When I arrived at my current church appointment as pastor, I "inherited" a wonderful staff. Our Operations Director was a certified management and pastoral coach, not to mention a certified spiritual director. In the process of coaching and listening to people, she is fond of asking, "And how's that working for you?" In other words, is the result of what you are doing what you want?
The honest answer, for many . . . is NO.
I approach my 60th birthday in a few months, and I find myself asking questions in various ways, and in various situations:
-Is the way I lead a church working?
-Is how I preach working?
-Is the vision/mission/purpose I've cast working?
-Is my current personal devotional practices and prayer life working for me?
The answers to these questions has led me to understand that my prefered way to
pastor a church is to click on the "cruise control." Nice and steady, with no bumps along the way. That's not what ministry or being the church is about.
So I've made some changes. I have completly changed how I preach (not an easy thing to do at 59 years of age.) I have embraced a new way of doing devotions that is centered in contemplative prayer and meditation (something else that is not an easy thing to begin to do at 59). I've earnestly begun to broaden my understanding, and importance, of personal spiritual formation.
It's been a challenge . . . but the process is starting to bear a little fruit along the way. Younger people seem to respond to my preaching. I'm being more honest. I've also quit assuming that the people listening to me on Sunday mornings have any kind of basic understanding of the Bible and Christian faith. My daily devotions have challenged me to my soul. I'm not using safe devotional resources anymore. The idea that I am personally responsible for my personal spiritual formation was a foreign idea to me. Not any more. I feel like a rank amateur. I feel like I'm starting over. And, I'm wondering why no one taught me any of this in years past.
I've also been asking question in regards to the church I pastor . . .
-How's the way we do worship been working for us?
-How's the way we are organized working for us?
-How's the way we see and accept others working for us?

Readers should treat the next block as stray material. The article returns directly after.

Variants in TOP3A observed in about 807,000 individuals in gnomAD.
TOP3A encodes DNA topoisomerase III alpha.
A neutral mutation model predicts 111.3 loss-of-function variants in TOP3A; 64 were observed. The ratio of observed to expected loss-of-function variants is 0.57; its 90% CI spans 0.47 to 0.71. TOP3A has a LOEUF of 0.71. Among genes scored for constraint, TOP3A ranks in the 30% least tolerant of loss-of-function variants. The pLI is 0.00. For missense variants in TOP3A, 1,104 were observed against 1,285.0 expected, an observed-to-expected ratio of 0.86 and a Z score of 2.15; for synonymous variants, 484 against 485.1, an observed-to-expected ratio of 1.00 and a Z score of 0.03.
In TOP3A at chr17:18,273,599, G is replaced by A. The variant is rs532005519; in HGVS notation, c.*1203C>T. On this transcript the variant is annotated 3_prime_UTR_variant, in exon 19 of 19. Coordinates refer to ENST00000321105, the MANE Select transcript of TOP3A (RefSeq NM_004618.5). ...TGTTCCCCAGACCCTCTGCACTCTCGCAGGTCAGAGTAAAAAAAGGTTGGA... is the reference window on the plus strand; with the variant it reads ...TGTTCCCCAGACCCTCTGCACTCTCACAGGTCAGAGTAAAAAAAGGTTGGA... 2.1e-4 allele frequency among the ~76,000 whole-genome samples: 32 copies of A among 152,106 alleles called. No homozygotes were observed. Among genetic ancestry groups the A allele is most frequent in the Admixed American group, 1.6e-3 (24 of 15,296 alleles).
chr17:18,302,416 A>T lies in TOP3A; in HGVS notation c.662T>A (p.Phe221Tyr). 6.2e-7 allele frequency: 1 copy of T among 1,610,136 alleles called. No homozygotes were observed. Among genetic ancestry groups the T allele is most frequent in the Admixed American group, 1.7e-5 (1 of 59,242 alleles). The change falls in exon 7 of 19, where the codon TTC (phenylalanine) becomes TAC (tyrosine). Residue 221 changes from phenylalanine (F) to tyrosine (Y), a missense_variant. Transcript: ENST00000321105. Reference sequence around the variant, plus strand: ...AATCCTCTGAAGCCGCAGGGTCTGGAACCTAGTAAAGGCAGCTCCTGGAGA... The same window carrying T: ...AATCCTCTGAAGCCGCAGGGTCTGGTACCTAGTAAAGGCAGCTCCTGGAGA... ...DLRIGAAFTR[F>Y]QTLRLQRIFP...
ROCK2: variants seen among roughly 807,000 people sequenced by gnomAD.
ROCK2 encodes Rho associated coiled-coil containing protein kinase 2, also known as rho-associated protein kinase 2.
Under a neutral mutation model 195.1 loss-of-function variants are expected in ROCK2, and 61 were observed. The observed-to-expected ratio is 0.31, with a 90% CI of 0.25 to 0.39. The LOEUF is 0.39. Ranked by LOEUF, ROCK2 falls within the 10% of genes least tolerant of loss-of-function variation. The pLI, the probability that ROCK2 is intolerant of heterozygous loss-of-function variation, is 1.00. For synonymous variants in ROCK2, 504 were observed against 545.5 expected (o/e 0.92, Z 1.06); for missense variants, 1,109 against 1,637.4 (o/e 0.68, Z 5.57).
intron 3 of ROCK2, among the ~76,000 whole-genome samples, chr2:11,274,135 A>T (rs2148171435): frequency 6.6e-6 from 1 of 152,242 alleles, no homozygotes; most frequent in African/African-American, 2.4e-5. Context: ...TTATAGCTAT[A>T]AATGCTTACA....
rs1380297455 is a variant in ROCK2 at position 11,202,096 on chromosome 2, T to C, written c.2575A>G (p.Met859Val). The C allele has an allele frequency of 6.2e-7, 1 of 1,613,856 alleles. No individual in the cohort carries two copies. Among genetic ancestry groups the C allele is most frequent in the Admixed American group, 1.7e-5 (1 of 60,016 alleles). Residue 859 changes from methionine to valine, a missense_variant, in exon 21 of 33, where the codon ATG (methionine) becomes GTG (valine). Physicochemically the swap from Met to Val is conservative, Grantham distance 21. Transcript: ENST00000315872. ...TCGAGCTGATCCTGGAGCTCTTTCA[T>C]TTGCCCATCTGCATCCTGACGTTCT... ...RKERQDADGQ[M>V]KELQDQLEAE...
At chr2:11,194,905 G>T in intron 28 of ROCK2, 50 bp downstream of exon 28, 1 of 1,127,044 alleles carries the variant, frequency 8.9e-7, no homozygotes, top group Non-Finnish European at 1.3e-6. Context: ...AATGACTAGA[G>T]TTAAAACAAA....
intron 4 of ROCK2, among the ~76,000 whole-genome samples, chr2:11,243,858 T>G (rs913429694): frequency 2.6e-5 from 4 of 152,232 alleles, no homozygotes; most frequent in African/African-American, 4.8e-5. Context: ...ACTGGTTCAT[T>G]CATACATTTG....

-How is our understanding of what a church is all about working for us?
The honest, and at times difficult answers to these questions has led me to believe that the way many of us "do" church is no longer working.
Consider . . .
-Our stance that we are the one's who have to be right, and everybody else has to be wrong, has aliented the Gen X and Millennial generations.
-Our focus on "being" the church ("proper/acceptable" ideology, structure, and polity) instead of helping people experience the church as the body of loving, compassionate and caring Christ.
-Our neglect in failing to reach out to "love our neighbor" by hiding in our fancy church buildings that many congregations can no longer afford, and where we spend more time entertaining the people than we do training up disciples of Jesus Christ.
-Our refusal to truly get to know, let alone acknowledge the existence of the "least of these" out of fears and assumptions that we will be tainted as a result.
-Our refusal to listen to the Gen X and Millennial generations, who were brought up completely different that we were, and as a result have become "Dones" who refuse to participate in organized churches. They don't see the church as the body of Christ, they see the church as an institution that hurts people.
-Our being seen by so many as "mad" at everyone, instead of truly loving and caring of all people. Too many "Christians" believe that being Christian gives them permission to look down their noses at other people, instead of getting dirty trying to help them.
We are at a true crossroads!
The way we do church is no longer working.
It's past time for us to realize that church is ALL ABOUT RELATIONSHIPS and not about correct or accepted ideology.
Its time for us to confess that we were wrong, and that we will make amends.
It's time for people who claim to be Christian, but refuse to follow Jesus, to change the path they are walking on, or get out of the way.
How do we do this?
Perhaps we need to learn again, or for the first time, how to fall in love with Jesus. The Gen X'ers and Millennals are not abandoning Jesus at all. They are embracing Jesus. What they are abandoning is the church, because the church has not taught them about the Jesus that they read about in the New Testament. They are falling in love with Jesus.
Are we truly in love with Jesus, so much so that we will follow him wherever he leads the church? It's time for a good hard, honest, open look in the mirror.
Perhaps . . . learning how to fall in love with Jesus, and being open to confessing that we have been wrong . . . is the place to start. It's where I am right now as an almost 60 year old pastor with over 25 years of experience.
It's painful . . . but the process is leading to a new future. To get there, I've got to get a new map, and learn how to honestly and truthfully read it.
And in the process . . .
God's grace still amazes me . . . ><>